Thursday, March 10, 2011

The Dior Show Will Go On

Photo credit: NY Times - Chris Moore/Karl Prouse
Last Friday, the Dior runway show at Paris Fashion Week went on as planned. Stained by recent events surrounding the dismissal of former creative director John Galliano, Dior's decision to present their Fall/Winter 2011 collection was the right choice. Many journalists who attended the Paris show said the atmosphere was surreal and very emotional. Although the collection was unmistakably Galliano, it showed that Dior is much bigger than just one man. At the end of the show, the entire atelier team in their white coats lined up at the end of the runway, while the audience applauded them. Affectionately acknowledged as the “petites mains” or little hands, the show was truly a tribute to them. In fact, they were the ones who finished the collection and put the clothes on the runway.

It's amazing how fast a creative genius such as Galliano has fallen from stardom. Although so much has happened in only a very short time, let me try and recap the main events that have taken Galliano back to where he first started. First, Galliano was arrested for alleged assault and making anti-Semitic remarks after a late-night drinking session at a bar in Paris. Immediately thereafter Dior suspended him pending an inquiry into the allegations. Then the British newspaper The Sun released a video showing Galliano making anti-Semitic statements and declaring "I love Hitler" while clearly intoxicated. As the whole world watched the video in disbelieve, Natalie Portman released a statement saying, "I am deeply shocked and disgusted by the video...I will not be associated with Mr. Galliano in any way." Franca Sozzani from Vogue Italia is one of the few who came to the defense of Galliano and said, "While I condemn John's words, I am frightened by how quick these young people were to try to gain notoriety or money while destroying the image of a genius in the process". Next, Dior officially fired Galliano as the creative director, the position he had held since 1996. Galliano, who had remained silent up until this point, finally released a statement publicly apologizing and vowed to seek help.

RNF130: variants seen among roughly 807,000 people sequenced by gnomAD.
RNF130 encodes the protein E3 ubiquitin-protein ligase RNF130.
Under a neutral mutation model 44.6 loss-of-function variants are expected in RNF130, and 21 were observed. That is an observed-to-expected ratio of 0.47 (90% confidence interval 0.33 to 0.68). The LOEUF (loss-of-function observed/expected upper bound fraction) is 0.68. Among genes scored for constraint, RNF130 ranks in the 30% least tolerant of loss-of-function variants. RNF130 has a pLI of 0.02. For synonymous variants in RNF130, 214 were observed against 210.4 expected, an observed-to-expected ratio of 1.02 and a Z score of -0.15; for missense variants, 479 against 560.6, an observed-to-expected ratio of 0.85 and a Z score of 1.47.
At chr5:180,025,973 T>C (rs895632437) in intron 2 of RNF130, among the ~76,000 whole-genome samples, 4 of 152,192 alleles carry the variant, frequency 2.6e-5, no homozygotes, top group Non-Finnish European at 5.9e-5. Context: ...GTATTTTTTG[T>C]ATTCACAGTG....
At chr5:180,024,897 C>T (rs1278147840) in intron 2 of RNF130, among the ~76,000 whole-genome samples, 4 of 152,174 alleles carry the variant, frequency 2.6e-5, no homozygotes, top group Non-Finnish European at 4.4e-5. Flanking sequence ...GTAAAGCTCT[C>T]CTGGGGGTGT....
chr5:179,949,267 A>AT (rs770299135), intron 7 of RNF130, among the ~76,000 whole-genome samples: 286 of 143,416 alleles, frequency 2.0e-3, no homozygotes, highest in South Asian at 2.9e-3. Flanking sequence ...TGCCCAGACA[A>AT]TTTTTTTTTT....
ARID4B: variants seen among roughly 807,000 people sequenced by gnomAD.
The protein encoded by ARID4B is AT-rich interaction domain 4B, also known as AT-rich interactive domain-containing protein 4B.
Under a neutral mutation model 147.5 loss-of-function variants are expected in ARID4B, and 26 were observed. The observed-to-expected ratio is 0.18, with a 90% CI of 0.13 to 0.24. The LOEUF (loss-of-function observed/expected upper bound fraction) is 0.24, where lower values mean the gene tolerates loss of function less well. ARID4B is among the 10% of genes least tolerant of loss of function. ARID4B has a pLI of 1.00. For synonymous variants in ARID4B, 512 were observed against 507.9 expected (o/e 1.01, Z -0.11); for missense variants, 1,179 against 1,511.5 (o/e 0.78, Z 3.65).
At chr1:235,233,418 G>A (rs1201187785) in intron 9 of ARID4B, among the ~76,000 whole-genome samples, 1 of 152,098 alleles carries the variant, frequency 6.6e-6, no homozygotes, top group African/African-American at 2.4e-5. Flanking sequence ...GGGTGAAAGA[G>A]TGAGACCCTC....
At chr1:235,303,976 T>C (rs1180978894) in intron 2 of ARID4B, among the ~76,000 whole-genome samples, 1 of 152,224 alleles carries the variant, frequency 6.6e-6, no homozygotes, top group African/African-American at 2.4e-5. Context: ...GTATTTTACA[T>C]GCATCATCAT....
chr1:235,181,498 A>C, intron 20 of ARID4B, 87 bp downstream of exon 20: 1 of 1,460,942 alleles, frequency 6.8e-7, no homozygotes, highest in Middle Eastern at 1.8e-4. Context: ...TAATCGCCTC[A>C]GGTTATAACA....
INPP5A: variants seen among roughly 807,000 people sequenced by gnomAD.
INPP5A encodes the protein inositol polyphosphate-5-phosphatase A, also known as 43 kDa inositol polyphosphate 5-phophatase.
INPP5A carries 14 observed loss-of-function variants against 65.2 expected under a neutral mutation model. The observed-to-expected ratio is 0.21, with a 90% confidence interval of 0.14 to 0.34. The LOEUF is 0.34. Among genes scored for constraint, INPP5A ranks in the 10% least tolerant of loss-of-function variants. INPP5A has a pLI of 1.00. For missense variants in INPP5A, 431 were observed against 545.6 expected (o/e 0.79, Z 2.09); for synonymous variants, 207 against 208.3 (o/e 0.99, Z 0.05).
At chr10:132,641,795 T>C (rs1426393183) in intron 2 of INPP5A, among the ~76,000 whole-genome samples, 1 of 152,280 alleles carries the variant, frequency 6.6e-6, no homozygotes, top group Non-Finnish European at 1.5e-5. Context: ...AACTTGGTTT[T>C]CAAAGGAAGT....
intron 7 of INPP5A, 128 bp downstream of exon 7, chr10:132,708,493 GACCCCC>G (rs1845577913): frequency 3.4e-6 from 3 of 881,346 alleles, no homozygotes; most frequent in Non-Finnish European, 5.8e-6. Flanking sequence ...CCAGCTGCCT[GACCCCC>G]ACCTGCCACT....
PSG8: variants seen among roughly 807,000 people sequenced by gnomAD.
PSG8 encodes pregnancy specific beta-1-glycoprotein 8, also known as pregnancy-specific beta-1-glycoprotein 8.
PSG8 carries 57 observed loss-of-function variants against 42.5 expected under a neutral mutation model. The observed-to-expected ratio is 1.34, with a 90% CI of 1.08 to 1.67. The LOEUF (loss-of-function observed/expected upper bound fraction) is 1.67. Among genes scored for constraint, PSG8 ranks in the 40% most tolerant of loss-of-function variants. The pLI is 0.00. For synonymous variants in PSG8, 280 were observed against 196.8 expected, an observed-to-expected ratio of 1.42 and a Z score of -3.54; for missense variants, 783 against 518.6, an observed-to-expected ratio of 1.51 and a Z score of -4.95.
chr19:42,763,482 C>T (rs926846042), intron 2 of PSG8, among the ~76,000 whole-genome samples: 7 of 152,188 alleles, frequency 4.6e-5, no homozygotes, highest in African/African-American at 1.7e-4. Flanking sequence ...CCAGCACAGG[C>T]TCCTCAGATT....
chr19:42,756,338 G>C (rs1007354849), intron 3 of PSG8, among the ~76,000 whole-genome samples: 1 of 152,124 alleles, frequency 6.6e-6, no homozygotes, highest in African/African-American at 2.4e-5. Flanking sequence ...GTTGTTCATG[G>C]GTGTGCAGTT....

Galliano's public apology was the right step, but he has a long road ahead of him before he can return to fashion. On the other hand, this is just a bump in the road for Dior. There is already so much speculation about who will replace Galliano. So far the most likely candidates are Riccardo Tisci of Givenchy and Alber Elbaz of Lanvin. However, Dior has not released any kind of statement confirming the next creative director. Once they do, all the bad associations with Galliano will be forgotten and Dior will shine again. I’m looking forward to the next phase of Dior and the upcoming Spring/Summer 2012 collection. As the fashion world holds it's breath in anticipation, so will I.

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